This case concerns the meaning of the expression, ‘the time of the transfer’ within s. 218 of the Employment Rights Act 1996 which provides:
(1) Subject to the provisions of this section, this Chapter relates only to employment by the one employer.
(2) If a trade or business, or an undertaking (whether or not established by or under an Act), is transferred from one person to another—
(a) the period of employment of an employee in the trade or business or undertaking at the time of the transfer counts as a period of employment with the transferee, and
(b) the transfer does not break the continuity of the period of employment.
C was a sessional music teacher employed by the Council on a series of contracts corresponding to the academic year. His last contract expired on 31 July 2013. There was an expectation of a fresh contract in September 2013 but not a guarantee. The music services provided by the Council transferred to S4E on 1 September 2013. The transfer process had been extremely protracted and extended for well over a year before finally concluding with the agreement on the 1 September. C commenced working for S4E in September 2013 after the transfer. In due course C brought claims of unfair dismissal and for unpaid holiday pay. S4E’s case was he had insufficient continuity of service.
S4E’s case was that as C’s contract terminated on the 31 July 2013 he was not employed immediately before the transfer and Reg 4 of TUPE did not apply. C’s case was that he was only absent from work because of a temporary cessation of work and his continuity was preserved throughout August 2013 up to the transfer by section 212(3)(b) of the ERA. S4E’s case on this point was that section 218 only applied to employment by one employer and could not apply here because he was not employed by the Council at the time of the transfer.
The ET held that C been dismissed by the Council on the 31 July 2013. Had he not been dismissed he would have been employed between the 31 July 2013 and the transfer date. His absence from work was due to a temporary cessation of work within the meaning of section 212(3)(b) of the ERA and that he was employed at the time of the transfer under section 218(2).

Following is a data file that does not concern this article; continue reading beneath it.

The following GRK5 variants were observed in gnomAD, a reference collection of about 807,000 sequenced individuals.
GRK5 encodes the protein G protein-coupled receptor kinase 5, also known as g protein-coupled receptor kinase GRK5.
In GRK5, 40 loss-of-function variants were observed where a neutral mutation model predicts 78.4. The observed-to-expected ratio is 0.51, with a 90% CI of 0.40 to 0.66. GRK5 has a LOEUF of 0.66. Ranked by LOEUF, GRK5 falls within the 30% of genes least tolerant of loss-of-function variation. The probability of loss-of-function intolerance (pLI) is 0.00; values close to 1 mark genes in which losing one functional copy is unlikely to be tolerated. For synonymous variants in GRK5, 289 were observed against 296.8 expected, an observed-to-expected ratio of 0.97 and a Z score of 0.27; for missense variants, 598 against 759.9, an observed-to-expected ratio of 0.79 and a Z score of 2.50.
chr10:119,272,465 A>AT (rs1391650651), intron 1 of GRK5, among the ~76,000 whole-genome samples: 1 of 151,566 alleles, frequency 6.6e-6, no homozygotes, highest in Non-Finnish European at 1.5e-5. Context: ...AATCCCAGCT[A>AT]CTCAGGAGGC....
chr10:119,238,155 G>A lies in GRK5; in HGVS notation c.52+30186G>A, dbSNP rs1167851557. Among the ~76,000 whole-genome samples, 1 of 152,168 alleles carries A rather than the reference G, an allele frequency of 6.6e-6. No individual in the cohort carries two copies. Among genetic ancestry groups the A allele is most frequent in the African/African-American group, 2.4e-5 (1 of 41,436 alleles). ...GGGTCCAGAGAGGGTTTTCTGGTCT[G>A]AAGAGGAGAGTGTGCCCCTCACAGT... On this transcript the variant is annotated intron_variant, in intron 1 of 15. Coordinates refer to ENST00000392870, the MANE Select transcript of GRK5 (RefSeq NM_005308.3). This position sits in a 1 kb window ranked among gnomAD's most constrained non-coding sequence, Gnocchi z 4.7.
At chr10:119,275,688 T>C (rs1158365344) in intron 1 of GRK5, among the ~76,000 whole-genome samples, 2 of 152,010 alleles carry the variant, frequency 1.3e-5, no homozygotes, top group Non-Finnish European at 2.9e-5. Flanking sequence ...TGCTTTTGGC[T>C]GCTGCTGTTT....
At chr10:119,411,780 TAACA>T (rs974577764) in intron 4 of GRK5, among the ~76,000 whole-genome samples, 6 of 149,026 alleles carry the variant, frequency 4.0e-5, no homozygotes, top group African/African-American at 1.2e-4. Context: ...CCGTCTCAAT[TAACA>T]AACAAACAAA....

The EAT Judgment
The EAT (Slade J) held that in deciding whether section 218(2) applied there is a composite question: This is whether the employee has a “period of employment with the employer at the time of the transfer”. This in turn is answered by considering the provisions in Chapter 1 of Part XIV of the ERA which deal with continuity of service.
The EAT held that section 212(3)(b) could not fill the gap between the end of C’s employment on the 31 July 2013 and the transfer. This was not permitted by the wording of section 218(1) which clearly provided that it only applied to employment by one employer. The ET erred in this respect but it was an immaterial error because the latest date that C was employed by the Council was a ‘date during the time of the transfer’ within section 218(2). In reaching this decision the EAT applied Clarke & Tokeley Ltd v Oakes  ICR 276 which held that the expression ‘at the time of the transfer’ did not refer to a specific point in time but rather it referred to the transfer process which may last some time.
The date of the transfer for the purposes of TUPE is not necessarily the same as the time of the transfer for the purposes of s 218. In this case the transfer process predated C’s dismissal by the Council on the 31 July 2013 and therefore he was employed at the time of the transfer.
The distinction between the requirement under TUPE to establish that a transfer occurred on particular date (Celtec v Astley) and the time of the transfer under section 218 of the ERA is best understood by considering that the former is concerned with fixing a date when all rights and liabilities under the employment contract are deemed to transfer, whereas the latter is concerned only with establishing continuity of service.